The Economic Future of Central Asia

By Pomfret, Richard | The Brown Journal of World Affairs, Fall 2012 | Go to article overview

The Economic Future of Central Asia


Pomfret, Richard, The Brown Journal of World Affairs


Economics and politics have always been strongly interconnected in Central Asia. The five Central Asian republics were, together with Azerbaijan, the poorest Soviet republics. Their role in the Soviet division of labor was limited to supplying a small range of primary products, including cotton, oil and gas, and minerals. With no prior history as independent nation states, the five countries faced an uncertain future after becoming independent in December 1991. At that time, they faced three major economic shocks: the end of central planning, hyperinflation, and the collapse of supply and demand chains.

Despite the challenges, three of the countries have been politically stable since independence. In Uzbekistan and Kazakhstan, the two most populous countries, the First Secretaries appointed by Mikhail Gorbachev became national presidents in 1991 and are still in power. In Turkmenistan a similar pattern was scarcely disrupted by the president's death in 2006 and the smooth succession by a member of the elite. By contrast, Tajikistan experienced a bitter civil war until 1997, and the Kyrgyz Republic has seen two presidents overthrown during the 2000s. The differing fortunes reflect the ability of the first group to live offtheir natural resources, in comparison with the more precarious resource base of the other two countries.

The first section of this paper reviews the five countries' economic history since independence, with an emphasis on the direct and indirect impacts of each country's resource endowment and variations in the world prices of their resource exports. The second section looks to analyze the extent to which the past can be a guide to the economic future and to ask what other considerations may be important. These considerations include the role of other countries, especially Russia, China, and the United States, and the importance of the national leader's specific qualities in economic policy making in autocratic states.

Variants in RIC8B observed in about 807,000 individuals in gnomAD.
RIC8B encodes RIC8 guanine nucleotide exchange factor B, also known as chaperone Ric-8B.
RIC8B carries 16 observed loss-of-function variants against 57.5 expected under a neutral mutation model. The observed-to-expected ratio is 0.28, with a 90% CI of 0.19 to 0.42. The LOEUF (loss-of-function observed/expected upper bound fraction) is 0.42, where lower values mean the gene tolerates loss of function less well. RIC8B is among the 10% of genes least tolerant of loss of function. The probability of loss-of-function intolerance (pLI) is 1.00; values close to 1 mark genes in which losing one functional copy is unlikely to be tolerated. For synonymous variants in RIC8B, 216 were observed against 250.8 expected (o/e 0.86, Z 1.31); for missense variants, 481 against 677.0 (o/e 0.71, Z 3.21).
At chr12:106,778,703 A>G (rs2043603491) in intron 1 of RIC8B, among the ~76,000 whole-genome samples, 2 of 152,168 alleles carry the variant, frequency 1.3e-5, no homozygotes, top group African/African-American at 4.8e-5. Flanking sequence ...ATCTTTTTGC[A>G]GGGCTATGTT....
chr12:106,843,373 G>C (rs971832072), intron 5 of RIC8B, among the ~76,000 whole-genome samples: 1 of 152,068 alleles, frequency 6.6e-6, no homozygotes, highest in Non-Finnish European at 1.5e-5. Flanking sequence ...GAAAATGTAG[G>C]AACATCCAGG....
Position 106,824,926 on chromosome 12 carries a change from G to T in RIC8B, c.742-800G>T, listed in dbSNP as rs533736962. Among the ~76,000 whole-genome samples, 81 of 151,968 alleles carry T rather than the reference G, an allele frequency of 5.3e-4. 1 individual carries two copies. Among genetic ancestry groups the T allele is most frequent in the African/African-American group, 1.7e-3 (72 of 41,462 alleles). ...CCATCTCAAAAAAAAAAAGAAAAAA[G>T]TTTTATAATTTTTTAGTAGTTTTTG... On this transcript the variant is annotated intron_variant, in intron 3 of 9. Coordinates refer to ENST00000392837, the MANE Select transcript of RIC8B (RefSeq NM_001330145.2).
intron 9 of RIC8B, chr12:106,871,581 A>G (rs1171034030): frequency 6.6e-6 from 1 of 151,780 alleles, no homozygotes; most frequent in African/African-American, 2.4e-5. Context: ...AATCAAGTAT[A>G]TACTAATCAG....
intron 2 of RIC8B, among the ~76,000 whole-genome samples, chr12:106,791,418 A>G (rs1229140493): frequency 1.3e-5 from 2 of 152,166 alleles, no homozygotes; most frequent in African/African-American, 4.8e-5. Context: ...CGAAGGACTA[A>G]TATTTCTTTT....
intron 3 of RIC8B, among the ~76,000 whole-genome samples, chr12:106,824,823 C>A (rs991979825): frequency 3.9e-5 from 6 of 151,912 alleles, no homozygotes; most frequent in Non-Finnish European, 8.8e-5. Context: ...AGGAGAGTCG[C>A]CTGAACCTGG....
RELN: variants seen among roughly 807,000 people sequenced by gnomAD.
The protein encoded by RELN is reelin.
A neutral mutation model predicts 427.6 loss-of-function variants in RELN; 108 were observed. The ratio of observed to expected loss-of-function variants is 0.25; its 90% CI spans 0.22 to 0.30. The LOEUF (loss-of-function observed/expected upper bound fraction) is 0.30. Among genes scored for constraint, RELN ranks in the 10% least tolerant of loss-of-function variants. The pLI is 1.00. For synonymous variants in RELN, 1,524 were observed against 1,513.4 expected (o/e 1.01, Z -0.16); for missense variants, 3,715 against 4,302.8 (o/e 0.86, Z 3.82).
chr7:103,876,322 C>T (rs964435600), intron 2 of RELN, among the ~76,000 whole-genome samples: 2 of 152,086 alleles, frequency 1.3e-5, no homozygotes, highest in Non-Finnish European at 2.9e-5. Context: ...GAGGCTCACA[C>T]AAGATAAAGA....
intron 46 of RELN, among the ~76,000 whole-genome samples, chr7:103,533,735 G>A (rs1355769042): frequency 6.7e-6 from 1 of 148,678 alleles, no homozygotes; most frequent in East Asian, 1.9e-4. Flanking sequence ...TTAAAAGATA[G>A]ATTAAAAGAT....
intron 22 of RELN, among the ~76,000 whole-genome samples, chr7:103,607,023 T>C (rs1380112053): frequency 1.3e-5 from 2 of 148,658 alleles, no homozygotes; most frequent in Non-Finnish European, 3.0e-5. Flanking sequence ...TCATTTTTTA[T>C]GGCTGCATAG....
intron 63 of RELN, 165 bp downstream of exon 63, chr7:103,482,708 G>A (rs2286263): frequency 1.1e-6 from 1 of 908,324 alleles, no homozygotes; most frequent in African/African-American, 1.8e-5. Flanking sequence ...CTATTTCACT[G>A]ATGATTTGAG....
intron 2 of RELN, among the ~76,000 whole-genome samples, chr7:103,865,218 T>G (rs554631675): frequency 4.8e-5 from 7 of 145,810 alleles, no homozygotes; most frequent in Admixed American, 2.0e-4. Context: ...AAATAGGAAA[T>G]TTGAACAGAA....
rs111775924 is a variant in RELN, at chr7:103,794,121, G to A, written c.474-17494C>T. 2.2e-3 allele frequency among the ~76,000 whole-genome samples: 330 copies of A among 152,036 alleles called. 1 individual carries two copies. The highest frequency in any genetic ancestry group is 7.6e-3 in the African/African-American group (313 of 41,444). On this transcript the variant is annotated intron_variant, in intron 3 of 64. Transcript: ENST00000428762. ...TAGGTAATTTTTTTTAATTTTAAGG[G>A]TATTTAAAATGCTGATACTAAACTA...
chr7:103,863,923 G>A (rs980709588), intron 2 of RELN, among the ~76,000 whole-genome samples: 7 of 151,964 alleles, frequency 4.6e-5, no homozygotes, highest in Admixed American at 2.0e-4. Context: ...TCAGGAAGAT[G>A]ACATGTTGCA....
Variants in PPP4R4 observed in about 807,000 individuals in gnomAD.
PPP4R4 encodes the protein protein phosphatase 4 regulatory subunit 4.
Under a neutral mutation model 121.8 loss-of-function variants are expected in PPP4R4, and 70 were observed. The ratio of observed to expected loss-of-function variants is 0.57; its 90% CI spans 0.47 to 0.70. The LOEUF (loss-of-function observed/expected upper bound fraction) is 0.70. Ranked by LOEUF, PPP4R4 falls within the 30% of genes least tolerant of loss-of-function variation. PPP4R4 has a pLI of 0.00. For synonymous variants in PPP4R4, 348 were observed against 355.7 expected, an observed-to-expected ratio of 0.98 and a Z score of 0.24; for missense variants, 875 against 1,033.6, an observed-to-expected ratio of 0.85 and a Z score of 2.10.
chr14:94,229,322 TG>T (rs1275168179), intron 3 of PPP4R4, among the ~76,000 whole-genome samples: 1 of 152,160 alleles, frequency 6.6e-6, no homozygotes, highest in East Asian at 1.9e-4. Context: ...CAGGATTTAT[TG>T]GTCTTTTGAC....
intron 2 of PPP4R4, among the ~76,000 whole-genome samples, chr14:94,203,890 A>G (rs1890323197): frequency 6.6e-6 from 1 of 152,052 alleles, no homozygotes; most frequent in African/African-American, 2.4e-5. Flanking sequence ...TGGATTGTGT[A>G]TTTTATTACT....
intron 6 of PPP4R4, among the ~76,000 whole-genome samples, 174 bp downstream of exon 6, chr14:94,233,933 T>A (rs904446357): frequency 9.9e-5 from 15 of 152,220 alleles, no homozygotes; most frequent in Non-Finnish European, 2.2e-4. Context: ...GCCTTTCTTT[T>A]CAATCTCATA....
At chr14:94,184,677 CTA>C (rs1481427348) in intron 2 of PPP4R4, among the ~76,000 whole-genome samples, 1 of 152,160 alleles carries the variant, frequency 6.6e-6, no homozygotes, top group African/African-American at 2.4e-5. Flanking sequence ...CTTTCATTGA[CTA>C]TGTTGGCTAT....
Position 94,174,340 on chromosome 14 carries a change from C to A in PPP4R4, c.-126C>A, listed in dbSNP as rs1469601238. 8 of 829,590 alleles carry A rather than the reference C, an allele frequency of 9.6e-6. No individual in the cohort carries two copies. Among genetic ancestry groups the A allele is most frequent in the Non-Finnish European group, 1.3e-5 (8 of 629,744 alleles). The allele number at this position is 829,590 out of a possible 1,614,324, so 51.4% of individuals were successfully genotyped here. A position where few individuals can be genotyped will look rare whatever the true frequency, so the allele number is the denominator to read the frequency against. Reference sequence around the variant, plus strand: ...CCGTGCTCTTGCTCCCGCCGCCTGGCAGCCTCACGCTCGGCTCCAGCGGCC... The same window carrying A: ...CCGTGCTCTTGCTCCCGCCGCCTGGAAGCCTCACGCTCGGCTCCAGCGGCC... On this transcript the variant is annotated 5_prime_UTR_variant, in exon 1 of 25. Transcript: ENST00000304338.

The Past

The story of the five Central Asian countries' economic development since independence has by now been widely analyzed.1 In the 1990s debate over post-Soviet transition strategy, Central Asia saw a wide range of positions. The Kyrgyz Republic was the most radical of any Soviet successor state in its pursuit of comprehensive price and trade liberalization and extensive privatization between 1993 and 1998. Indeed, it was the first of these states to join the World Trade Organization (WTO), ahead of even Baltic countries. This experience stands in contrast to less thoroughgoing reform found in Kazakhstan, a more gradual approach in Uzbekistan, and an overall lack of reform in Turkmenistan, which remains the least changed economy of any former Soviet republic. Economic performance, measured by real GDP in 1999 as a percentage of 1989 GDP, showed little relation to the transition strategy. Uzbekistan's economy was the best-performing of all former Soviet republics and, unsurprisingly, the worstperforming Central Asian economy was that of war-torn Tajikistan. However, the other three countries had more or less identical performances, with GDP about a third lower in 1999 than in 1989 despite the diversity of transition strategies.2